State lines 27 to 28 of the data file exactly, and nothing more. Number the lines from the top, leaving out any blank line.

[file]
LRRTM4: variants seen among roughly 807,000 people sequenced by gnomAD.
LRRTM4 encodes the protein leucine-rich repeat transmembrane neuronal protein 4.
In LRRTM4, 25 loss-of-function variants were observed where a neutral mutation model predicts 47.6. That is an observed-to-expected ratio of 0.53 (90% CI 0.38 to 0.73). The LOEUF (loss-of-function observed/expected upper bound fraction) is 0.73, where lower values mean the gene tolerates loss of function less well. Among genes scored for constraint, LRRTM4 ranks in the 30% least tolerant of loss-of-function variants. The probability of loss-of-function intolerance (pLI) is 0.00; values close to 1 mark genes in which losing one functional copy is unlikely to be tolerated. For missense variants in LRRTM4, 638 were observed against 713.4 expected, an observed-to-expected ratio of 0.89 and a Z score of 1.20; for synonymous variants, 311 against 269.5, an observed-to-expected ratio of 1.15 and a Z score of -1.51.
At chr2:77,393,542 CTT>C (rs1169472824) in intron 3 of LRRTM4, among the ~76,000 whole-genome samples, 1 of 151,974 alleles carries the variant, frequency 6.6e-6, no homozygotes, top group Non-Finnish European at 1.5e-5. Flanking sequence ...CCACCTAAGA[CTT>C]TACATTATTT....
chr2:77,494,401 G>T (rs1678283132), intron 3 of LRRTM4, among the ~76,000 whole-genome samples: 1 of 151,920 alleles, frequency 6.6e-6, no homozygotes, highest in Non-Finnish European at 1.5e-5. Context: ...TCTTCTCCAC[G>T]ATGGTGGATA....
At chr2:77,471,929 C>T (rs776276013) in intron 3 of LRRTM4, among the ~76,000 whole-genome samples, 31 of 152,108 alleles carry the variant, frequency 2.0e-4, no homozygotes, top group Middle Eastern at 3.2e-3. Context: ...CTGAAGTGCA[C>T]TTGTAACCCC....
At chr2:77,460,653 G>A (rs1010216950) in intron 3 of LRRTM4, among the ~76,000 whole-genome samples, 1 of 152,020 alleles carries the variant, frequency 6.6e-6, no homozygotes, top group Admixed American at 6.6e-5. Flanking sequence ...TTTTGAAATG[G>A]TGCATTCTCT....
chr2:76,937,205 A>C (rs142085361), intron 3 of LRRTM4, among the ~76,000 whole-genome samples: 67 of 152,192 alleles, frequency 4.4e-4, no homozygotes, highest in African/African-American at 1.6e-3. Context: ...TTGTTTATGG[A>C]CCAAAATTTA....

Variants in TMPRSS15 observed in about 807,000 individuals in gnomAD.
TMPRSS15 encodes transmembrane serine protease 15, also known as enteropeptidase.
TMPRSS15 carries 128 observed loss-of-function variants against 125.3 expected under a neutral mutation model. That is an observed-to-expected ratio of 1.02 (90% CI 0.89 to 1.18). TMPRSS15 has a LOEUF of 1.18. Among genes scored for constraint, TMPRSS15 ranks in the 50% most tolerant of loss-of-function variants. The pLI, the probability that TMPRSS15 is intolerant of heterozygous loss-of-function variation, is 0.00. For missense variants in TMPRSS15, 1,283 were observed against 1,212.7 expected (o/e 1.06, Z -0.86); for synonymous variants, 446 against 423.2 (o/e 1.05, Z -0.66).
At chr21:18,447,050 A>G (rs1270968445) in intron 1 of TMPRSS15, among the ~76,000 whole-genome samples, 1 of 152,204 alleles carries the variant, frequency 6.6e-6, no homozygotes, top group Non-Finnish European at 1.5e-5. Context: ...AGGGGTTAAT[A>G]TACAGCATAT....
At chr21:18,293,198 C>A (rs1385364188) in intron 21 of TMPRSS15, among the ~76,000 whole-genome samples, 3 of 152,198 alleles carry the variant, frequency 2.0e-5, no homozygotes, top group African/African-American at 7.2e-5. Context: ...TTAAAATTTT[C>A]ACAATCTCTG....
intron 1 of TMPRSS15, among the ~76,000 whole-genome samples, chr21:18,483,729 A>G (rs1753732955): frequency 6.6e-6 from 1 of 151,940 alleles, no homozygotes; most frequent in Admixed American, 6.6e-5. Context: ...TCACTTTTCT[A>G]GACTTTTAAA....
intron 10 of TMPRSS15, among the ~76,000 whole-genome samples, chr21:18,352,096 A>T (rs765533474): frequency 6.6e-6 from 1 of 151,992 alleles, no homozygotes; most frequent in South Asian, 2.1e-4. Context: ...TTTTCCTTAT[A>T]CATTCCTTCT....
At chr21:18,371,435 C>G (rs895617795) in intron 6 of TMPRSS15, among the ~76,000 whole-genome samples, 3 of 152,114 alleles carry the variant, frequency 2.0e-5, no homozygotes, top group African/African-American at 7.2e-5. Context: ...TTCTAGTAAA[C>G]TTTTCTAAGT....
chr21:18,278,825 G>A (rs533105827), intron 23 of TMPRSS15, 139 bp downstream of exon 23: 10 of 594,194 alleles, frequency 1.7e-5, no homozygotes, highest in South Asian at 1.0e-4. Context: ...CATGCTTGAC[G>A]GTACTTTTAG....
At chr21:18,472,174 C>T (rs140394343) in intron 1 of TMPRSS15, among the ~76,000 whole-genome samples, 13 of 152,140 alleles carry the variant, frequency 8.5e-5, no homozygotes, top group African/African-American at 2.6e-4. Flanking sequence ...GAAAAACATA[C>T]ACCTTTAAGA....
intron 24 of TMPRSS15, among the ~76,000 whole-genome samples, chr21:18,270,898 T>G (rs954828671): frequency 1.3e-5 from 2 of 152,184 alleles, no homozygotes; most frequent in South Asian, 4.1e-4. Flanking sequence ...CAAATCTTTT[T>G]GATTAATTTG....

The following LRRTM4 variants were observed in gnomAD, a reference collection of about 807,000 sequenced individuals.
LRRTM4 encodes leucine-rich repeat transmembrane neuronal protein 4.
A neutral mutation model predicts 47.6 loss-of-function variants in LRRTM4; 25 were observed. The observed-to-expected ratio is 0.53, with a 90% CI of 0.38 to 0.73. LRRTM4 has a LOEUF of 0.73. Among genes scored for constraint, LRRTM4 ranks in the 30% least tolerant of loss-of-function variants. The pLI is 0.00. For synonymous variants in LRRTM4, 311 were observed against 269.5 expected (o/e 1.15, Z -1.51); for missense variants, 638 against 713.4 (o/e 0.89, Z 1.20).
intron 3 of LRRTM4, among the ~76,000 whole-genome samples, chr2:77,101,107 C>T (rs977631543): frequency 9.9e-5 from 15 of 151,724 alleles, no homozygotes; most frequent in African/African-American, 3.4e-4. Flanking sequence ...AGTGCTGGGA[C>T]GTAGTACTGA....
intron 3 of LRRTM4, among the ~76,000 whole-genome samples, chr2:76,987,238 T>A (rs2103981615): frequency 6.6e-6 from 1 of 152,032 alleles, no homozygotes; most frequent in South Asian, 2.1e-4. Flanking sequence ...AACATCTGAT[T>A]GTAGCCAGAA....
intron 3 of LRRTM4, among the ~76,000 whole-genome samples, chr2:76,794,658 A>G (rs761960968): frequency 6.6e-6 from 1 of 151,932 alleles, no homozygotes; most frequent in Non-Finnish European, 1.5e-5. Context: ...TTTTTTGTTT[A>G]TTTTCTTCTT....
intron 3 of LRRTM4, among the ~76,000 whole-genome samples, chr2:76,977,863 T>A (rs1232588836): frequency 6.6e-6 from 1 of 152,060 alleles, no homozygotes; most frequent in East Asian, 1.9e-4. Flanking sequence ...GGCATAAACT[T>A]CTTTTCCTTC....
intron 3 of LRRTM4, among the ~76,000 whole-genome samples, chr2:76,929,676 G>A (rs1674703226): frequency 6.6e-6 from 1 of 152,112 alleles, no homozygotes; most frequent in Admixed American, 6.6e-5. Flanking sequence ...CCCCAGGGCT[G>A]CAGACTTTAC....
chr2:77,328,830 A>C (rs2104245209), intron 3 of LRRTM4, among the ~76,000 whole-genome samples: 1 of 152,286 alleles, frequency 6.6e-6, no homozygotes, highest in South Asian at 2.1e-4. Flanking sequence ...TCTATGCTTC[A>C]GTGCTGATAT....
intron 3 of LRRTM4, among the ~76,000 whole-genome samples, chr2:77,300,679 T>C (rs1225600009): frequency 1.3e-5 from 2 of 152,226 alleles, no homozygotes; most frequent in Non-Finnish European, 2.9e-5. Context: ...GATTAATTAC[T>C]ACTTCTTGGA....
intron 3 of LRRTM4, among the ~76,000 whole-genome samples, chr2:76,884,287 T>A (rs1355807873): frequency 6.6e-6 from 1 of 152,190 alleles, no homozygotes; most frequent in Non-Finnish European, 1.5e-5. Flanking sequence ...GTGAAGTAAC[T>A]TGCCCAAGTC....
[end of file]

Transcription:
intron 3 of LRRTM4, among the ~76,000 whole-genome samples, chr2:76,929,676 G>A (rs1674703226): frequency 6.6e-6 from 1 of 152,112 alleles, no homozygotes; most frequent in Admixed American, 6.6e-5. Flanking sequence ...CCCCAGGGCT[G>A]CAGACTTTAC....
chr2:77,328,830 A>C (rs2104245209), intron 3 of LRRTM4, among the ~76,000 whole-genome samples: 1 of 152,286 alleles, frequency 6.6e-6, no homozygotes, highest in South Asian at 2.1e-4. Flanking sequence ...TCTATGCTTC[A>C]GTGCTGATAT....